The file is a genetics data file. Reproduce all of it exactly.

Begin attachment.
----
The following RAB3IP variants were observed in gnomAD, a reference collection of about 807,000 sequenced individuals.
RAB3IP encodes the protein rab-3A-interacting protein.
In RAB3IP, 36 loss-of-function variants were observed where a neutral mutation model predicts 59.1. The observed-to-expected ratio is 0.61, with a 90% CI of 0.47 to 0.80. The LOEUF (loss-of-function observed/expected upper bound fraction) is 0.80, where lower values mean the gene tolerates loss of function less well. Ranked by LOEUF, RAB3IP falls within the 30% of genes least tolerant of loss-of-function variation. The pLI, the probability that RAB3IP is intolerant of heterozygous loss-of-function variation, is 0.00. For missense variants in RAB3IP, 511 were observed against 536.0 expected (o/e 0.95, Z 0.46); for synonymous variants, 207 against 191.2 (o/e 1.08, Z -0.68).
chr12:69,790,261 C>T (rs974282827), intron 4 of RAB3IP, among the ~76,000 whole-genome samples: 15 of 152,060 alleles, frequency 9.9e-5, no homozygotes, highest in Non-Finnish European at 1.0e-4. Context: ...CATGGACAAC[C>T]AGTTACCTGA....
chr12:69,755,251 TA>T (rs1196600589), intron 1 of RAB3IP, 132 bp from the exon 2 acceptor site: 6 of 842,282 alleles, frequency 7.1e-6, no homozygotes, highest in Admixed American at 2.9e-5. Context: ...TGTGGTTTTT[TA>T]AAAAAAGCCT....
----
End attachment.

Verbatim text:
The following RAB3IP variants were observed in gnomAD, a reference collection of about 807,000 sequenced individuals.
RAB3IP encodes the protein rab-3A-interacting protein.
In RAB3IP, 36 loss-of-function variants were observed where a neutral mutation model predicts 59.1. The observed-to-expected ratio is 0.61, with a 90% CI of 0.47 to 0.80. The LOEUF (loss-of-function observed/expected upper bound fraction) is 0.80, where lower values mean the gene tolerates loss of function less well. Ranked by LOEUF, RAB3IP falls within the 30% of genes least tolerant of loss-of-function variation. The pLI, the probability that RAB3IP is intolerant of heterozygous loss-of-function variation, is 0.00. For missense variants in RAB3IP, 511 were observed against 536.0 expected (o/e 0.95, Z 0.46); for synonymous variants, 207 against 191.2 (o/e 1.08, Z -0.68).
chr12:69,790,261 C>T (rs974282827), intron 4 of RAB3IP, among the ~76,000 whole-genome samples: 15 of 152,060 alleles, frequency 9.9e-5, no homozygotes, highest in Non-Finnish European at 1.0e-4. Context: ...CATGGACAAC[C>T]AGTTACCTGA....
chr12:69,755,251 TA>T (rs1196600589), intron 1 of RAB3IP, 132 bp from the exon 2 acceptor site: 6 of 842,282 alleles, frequency 7.1e-6, no homozygotes, highest in Admixed American at 2.9e-5. Context: ...TGTGGTTTTT[TA>T]AAAAAAGCCT....